Here’s the article if you’re interested in reading and learning more:

http://www.historyisaweapon.com/defcon1/gilmoreprisonslavery.html

Women and Mental Illness

In class today, I brought up the dichotomy of two forms of protection utilized by the women in Morrison’s works- those with mental walls, and those wielding physical weapons. It seems to be the case that the “strong Woman”, even Hillary Clinton, has been subject to adjectives like cold, and crazy. Those who have put up these psychological walls are looked upon poorly, the feminist movement taking the brunt of this blame. On the opposite side is those who choose to wield weapons like knives, guns, and pepper spray to protect themselves. This takes little to no blame (aside from gun control advocation as a whole) as people understand women to be physically disadvantaged, and in need of such protection. And so it follows, that society thinks that women do not need to protect their minds and autonomy, and become defensive of their right to exist mentally equal to men; but they should protect their physical vulnerability. And this could easily carry into a discussion of rape and the vile concept of women “asking for it” based on clothing choice, but that is a lengthy and heated discussion for a different post. I found this interesting because it is 2016, and women still need to put up these walls, to carry these weapons; if society has not grown past the gender inequality that transcends race, religion, nationality, etc, how can it hope to make it past the plethora of other instances of inequality as well?

In addition to this, I found an article discussing the differences in the instances of mental illness in men and women, written by Jason and Daniel Freemen. They cite the Center for Disease Control in stating that women are far more likely to suffer from illnesses like depression, anxiety, eating disorders, and insomnia than men. Whereas their male counterparts more often suffer from alcoholism, violent tendencies, and anti-social personality disorder, which are markedly more prone to displays of their issues. They cite stigma (like that of the “crazy woman” persona), lower pay, higher body expectations, and difference in home life responsibilities as reasons why women may tend to keep their illnesses to themselves, whereas men may have more freedom to express themselves without as great a cause for worry. Think about it, what sounds more like an illness: Alcoholism, or Bipolar Depression? Each is a serious mental illness that requires extensive treatment, but one carries more of a “sickness” label than the other. This is not to say that men can’t have depression and women can’t be alcoholics, but the instance of each illness is more prone to the opposite gender.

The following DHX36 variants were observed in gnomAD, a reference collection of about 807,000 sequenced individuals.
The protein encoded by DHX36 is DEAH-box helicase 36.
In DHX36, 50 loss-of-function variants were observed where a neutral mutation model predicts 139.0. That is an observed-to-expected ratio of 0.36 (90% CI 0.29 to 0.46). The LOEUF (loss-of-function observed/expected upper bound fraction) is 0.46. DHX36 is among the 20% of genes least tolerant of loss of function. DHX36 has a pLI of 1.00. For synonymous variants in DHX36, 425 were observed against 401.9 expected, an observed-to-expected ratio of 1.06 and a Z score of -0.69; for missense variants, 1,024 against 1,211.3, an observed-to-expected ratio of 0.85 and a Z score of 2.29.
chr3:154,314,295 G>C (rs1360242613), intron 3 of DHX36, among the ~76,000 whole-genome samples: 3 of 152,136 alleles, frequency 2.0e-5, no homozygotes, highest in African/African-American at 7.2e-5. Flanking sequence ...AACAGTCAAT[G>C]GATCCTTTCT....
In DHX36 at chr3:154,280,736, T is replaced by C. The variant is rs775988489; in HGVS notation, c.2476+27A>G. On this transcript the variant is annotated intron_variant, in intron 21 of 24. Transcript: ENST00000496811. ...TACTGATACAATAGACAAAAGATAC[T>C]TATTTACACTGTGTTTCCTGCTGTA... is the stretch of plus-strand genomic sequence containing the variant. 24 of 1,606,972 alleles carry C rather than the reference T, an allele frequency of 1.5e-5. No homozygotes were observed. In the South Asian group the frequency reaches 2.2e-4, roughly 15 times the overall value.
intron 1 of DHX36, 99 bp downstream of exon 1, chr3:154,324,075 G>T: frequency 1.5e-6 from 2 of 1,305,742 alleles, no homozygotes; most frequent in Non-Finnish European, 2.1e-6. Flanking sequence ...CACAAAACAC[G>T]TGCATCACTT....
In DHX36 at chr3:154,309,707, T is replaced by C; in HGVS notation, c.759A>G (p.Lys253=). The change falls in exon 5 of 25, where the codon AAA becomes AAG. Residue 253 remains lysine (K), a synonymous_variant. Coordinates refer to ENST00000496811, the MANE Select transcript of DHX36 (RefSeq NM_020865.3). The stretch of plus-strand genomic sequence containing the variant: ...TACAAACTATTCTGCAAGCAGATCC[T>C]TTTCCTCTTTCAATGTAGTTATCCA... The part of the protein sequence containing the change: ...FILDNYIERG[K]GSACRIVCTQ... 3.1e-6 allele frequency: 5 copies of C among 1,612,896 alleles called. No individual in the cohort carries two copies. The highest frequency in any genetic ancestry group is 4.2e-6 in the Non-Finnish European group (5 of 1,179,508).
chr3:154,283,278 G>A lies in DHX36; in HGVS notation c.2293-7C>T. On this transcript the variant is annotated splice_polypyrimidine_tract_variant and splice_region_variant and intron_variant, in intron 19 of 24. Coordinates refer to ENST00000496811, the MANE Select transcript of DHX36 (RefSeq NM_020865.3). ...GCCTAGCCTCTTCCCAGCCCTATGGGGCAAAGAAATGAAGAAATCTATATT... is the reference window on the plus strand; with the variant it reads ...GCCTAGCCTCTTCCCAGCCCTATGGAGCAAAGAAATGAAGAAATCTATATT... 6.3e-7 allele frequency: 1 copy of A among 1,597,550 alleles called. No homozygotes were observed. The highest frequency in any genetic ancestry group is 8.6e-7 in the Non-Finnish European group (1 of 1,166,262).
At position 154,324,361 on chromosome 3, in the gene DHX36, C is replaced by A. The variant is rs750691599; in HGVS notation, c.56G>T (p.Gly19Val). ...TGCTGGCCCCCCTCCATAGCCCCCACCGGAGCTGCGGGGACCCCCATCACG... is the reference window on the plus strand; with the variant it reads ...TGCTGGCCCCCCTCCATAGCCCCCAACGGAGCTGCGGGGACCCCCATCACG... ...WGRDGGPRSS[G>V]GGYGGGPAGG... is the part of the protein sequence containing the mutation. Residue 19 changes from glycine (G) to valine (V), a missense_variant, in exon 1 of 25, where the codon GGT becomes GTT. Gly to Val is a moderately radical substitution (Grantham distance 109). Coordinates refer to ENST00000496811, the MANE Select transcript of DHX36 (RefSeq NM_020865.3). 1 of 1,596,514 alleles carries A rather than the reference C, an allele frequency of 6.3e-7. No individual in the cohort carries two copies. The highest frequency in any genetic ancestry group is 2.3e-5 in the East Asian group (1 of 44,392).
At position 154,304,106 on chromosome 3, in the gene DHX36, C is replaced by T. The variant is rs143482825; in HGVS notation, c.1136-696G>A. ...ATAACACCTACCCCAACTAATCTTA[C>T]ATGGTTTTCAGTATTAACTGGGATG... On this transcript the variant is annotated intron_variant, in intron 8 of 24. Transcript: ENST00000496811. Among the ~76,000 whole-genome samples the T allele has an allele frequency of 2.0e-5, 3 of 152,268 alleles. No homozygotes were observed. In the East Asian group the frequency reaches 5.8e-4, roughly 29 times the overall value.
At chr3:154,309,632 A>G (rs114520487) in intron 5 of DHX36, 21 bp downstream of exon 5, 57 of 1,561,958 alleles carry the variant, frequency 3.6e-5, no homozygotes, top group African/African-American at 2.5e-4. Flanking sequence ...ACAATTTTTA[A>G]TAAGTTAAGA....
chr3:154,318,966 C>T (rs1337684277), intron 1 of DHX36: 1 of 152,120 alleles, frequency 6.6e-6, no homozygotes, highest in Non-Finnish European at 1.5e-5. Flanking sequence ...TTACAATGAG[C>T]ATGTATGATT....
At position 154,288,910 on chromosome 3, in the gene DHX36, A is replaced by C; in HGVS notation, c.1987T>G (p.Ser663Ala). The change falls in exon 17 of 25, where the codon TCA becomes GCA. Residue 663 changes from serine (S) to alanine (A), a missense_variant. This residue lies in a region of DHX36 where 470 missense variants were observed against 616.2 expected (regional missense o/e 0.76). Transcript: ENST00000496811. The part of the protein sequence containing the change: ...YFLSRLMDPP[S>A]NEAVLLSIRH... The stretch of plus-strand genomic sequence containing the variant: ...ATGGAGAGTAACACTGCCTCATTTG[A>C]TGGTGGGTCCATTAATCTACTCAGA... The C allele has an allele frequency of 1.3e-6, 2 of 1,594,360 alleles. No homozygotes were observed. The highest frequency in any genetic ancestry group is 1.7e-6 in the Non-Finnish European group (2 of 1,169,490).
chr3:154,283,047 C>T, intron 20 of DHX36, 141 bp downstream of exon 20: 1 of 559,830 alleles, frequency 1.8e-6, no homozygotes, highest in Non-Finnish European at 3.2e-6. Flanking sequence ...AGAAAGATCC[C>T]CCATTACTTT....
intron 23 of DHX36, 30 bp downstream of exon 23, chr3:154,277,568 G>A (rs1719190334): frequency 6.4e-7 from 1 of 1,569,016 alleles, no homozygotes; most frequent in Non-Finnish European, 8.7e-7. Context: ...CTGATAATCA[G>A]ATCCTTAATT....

In a research study by the US National Library of Medicine, Medical professionals discuss specifically African American Women’s beliefs concerning mental health, it stated that “They believed that an individual develops depression due to having a “weak mind, poor health, a troubled spirit, and lack of self-love.” These women also identified stigma as a significant barrier to seeking mental health services.” This attitude is a learned behavior, meaning that it is likely rooted in cultural beliefs and child-rearing practices, which have taught much of the African-American population, like all women but African American women specifically here, that the only way to survive in a world that they are born into pre-stigmatized, is to build walls and remain strong, even when in truth they should be seeking help. And such is the ultimate stigma to mental health, regardless of gender or race- people are terrified that once they allow themselves to be labelled ill, they become less of a person. And this is an especially painful concept to Women around the world, and the African American community, and by no means should be this way. Mental illness deserves recognition and kindness, just like any other physical illness. Its like considering someone to be less than who they are, just because they have fought and survived cancer.

 

~Here are some articles discussing mental illness, women, and stigma:

http://www.thedailybeast.com/witw/articles/2013/10/19/the-stigma-of-mental-illness-and-women-s-health.html

http://www.who.int/mental_health/prevention/genderwomen/en/

~This last one addresses specifically African American Women’s views on mental health:

https://www.ncbi.nlm.nih.gov/pmc/articles/PMC2854624/